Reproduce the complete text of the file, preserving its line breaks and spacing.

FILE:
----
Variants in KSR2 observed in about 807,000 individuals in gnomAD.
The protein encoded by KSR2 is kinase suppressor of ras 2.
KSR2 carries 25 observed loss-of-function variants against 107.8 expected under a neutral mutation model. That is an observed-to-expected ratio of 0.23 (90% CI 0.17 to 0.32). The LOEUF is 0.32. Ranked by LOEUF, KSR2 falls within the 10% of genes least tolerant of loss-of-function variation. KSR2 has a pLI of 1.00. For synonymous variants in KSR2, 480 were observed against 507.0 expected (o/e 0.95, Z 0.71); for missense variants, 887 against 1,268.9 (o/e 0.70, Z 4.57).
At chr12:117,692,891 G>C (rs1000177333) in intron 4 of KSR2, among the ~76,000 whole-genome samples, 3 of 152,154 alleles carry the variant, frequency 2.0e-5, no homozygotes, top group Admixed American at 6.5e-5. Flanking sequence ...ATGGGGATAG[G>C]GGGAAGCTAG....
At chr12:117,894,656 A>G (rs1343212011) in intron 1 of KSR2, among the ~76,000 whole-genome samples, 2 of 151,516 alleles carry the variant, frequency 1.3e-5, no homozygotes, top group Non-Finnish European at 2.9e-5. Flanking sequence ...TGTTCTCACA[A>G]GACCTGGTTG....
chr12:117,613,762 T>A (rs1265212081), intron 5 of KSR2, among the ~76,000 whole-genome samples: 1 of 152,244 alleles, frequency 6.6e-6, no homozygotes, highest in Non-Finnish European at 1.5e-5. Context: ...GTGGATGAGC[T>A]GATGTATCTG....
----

Variants in KSR2 observed in about 807,000 individuals in gnomAD.
The protein encoded by KSR2 is kinase suppressor of ras 2.
KSR2 carries 25 observed loss-of-function variants against 107.8 expected under a neutral mutation model. That is an observed-to-expected ratio of 0.23 (90% CI 0.17 to 0.32). The LOEUF is 0.32. Ranked by LOEUF, KSR2 falls within the 10% of genes least tolerant of loss-of-function variation. KSR2 has a pLI of 1.00. For synonymous variants in KSR2, 480 were observed against 507.0 expected (o/e 0.95, Z 0.71); for missense variants, 887 against 1,268.9 (o/e 0.70, Z 4.57).
At chr12:117,692,891 G>C (rs1000177333) in intron 4 of KSR2, among the ~76,000 whole-genome samples, 3 of 152,154 alleles carry the variant, frequency 2.0e-5, no homozygotes, top group Admixed American at 6.5e-5. Flanking sequence ...ATGGGGATAG[G>C]GGGAAGCTAG....
At chr12:117,894,656 A>G (rs1343212011) in intron 1 of KSR2, among the ~76,000 whole-genome samples, 2 of 151,516 alleles carry the variant, frequency 1.3e-5, no homozygotes, top group Non-Finnish European at 2.9e-5. Flanking sequence ...TGTTCTCACA[A>G]GACCTGGTTG....
chr12:117,613,762 T>A (rs1265212081), intron 5 of KSR2, among the ~76,000 whole-genome samples: 1 of 152,244 alleles, frequency 6.6e-6, no homozygotes, highest in Non-Finnish European at 1.5e-5. Context: ...GTGGATGAGC[T>A]GATGTATCTG....